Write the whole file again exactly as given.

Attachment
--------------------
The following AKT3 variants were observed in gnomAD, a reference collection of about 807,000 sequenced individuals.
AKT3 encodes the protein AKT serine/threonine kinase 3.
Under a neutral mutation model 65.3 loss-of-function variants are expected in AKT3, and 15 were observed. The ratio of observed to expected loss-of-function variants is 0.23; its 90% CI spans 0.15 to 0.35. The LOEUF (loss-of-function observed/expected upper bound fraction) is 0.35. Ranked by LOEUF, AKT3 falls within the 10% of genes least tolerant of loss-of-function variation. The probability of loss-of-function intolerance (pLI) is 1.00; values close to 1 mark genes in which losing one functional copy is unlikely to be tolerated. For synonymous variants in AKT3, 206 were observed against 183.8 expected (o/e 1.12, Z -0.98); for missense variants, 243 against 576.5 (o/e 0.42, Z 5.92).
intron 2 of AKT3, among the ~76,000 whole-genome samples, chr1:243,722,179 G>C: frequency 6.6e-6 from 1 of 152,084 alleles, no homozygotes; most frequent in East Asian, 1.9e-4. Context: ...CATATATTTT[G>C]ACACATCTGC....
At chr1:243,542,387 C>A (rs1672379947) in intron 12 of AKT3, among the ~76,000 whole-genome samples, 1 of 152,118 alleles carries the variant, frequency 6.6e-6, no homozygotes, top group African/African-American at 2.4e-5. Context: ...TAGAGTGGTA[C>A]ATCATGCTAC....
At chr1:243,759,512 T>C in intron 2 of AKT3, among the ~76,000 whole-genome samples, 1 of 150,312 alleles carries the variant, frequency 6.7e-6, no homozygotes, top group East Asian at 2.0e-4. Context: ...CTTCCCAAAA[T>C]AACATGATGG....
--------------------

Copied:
The following AKT3 variants were observed in gnomAD, a reference collection of about 807,000 sequenced individuals.
AKT3 encodes the protein AKT serine/threonine kinase 3.
Under a neutral mutation model 65.3 loss-of-function variants are expected in AKT3, and 15 were observed. The ratio of observed to expected loss-of-function variants is 0.23; its 90% CI spans 0.15 to 0.35. The LOEUF (loss-of-function observed/expected upper bound fraction) is 0.35. Ranked by LOEUF, AKT3 falls within the 10% of genes least tolerant of loss-of-function variation. The probability of loss-of-function intolerance (pLI) is 1.00; values close to 1 mark genes in which losing one functional copy is unlikely to be tolerated. For synonymous variants in AKT3, 206 were observed against 183.8 expected (o/e 1.12, Z -0.98); for missense variants, 243 against 576.5 (o/e 0.42, Z 5.92).
intron 2 of AKT3, among the ~76,000 whole-genome samples, chr1:243,722,179 G>C: frequency 6.6e-6 from 1 of 152,084 alleles, no homozygotes; most frequent in East Asian, 1.9e-4. Context: ...CATATATTTT[G>C]ACACATCTGC....
At chr1:243,542,387 C>A (rs1672379947) in intron 12 of AKT3, among the ~76,000 whole-genome samples, 1 of 152,118 alleles carries the variant, frequency 6.6e-6, no homozygotes, top group African/African-American at 2.4e-5. Context: ...TAGAGTGGTA[C>A]ATCATGCTAC....
At chr1:243,759,512 T>C in intron 2 of AKT3, among the ~76,000 whole-genome samples, 1 of 150,312 alleles carries the variant, frequency 6.7e-6, no homozygotes, top group East Asian at 2.0e-4. Context: ...CTTCCCAAAA[T>C]AACATGATGG....